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Normally I go all crazy for the new iPods, but this year… this year they have left me totally cold. I’m not tempted to buy a one of them.
While nothing new was done to them, they did drop from $79 to $49. I finally can see a point to them and they would make a great stocking stuffer for a kid.
This got the biggest changes this year with a whole new look, new colors and better pricing. They doubled the capacity and kept the price points the same as last year. You can now get an 8GB for $149 and a 16GB for $199 with the added ability to turn them on their side for landscape video and image viewing. Again, I can see these being great for kids, but heavy iTunes users and music collectors will scoff at the capacity.
This one worried me. Last year the iPod classic came in a “thin” 60GB and a “thick” 160GB. As loyal readers know, I went for the 160GB, and documented How long does it take to load 119.41GB of music on an iPod?, meaning the 160 was my only choice.
So, this year we are seeing the “thick” eliminated and the “thin” bumped up to 120GB. While 120GB is great for most people, this tells me that the Classic is on its last legs. I still haven’t filled my 160, all I can hope is by the time I hit that barrier that they have come up with something of a higher value.
This was probably thebiggest letdown. The made it thinner, they lowered the price, but the upgrades consisted of an external speaker for casual listening and they added external volume controls.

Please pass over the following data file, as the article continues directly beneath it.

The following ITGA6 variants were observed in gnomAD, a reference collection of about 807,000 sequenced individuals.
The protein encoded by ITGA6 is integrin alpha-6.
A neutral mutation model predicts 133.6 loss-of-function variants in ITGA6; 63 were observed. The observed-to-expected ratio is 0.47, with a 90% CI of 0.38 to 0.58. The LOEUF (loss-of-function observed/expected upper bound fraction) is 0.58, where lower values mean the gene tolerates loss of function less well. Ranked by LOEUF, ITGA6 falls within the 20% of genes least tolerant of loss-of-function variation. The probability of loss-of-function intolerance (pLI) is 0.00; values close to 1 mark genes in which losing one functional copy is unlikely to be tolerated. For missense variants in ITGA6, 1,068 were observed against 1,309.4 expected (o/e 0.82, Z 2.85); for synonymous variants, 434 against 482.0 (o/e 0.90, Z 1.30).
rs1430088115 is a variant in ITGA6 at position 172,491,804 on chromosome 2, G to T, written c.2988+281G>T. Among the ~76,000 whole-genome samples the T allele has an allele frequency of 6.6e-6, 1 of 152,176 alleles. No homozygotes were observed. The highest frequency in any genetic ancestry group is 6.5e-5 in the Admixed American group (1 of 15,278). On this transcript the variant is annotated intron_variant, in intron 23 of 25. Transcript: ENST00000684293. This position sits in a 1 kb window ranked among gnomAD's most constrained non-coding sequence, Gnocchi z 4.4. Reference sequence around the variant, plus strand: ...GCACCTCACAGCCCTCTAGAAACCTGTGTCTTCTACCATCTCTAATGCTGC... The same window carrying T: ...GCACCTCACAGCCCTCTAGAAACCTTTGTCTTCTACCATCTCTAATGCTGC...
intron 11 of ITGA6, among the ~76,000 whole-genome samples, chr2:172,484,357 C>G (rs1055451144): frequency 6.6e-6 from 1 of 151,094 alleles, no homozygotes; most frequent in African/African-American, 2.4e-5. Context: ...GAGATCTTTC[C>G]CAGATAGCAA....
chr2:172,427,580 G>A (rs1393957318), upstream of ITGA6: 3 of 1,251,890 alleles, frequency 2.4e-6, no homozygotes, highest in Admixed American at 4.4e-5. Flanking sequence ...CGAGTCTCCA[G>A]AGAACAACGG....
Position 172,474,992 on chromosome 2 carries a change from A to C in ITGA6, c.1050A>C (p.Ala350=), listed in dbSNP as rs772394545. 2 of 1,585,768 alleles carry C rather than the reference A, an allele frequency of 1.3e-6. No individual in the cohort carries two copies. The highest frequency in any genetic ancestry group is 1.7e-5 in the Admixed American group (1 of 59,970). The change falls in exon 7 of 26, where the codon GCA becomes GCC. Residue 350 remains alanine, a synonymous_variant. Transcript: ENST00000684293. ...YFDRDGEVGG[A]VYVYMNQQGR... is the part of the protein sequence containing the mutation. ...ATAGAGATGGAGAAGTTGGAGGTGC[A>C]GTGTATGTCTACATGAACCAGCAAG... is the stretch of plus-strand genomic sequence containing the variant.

Sure I’ve wanted an external speaker, but it isn’t worth me buying another one this year just for that. They did drop the prices, but it still doesn’t change it enough for me to want to run out and buy another.
For once I am going to say Steve Jobs blew it, and he blew it badly. The reason they have sold tens of millions of iPods is people such as myself that have constantly upgraded. With the exception of the Nano, which is at best a casual user’s device, they essentially did nothing this year. There may be some chance of new users hoping on board with the new lower price points, but they sure aren’t going to get their normal upgrade business this year.
While I don’t think this spells utter doom for the product line, it makes you wonder if they are possibly finding the limits of what such devices can do. Why didn’t the Touch get GPS? There are numerous apps that use this function, they could have sold more of those apps and still not cut into their iPhone sales. Why didn’t the Nano go to 32GB? 16GB is still laughable by most people. Why didn’t the Classic get landscaping? There are more questions than answers this year, and that is highly unusual when it comes to this product line.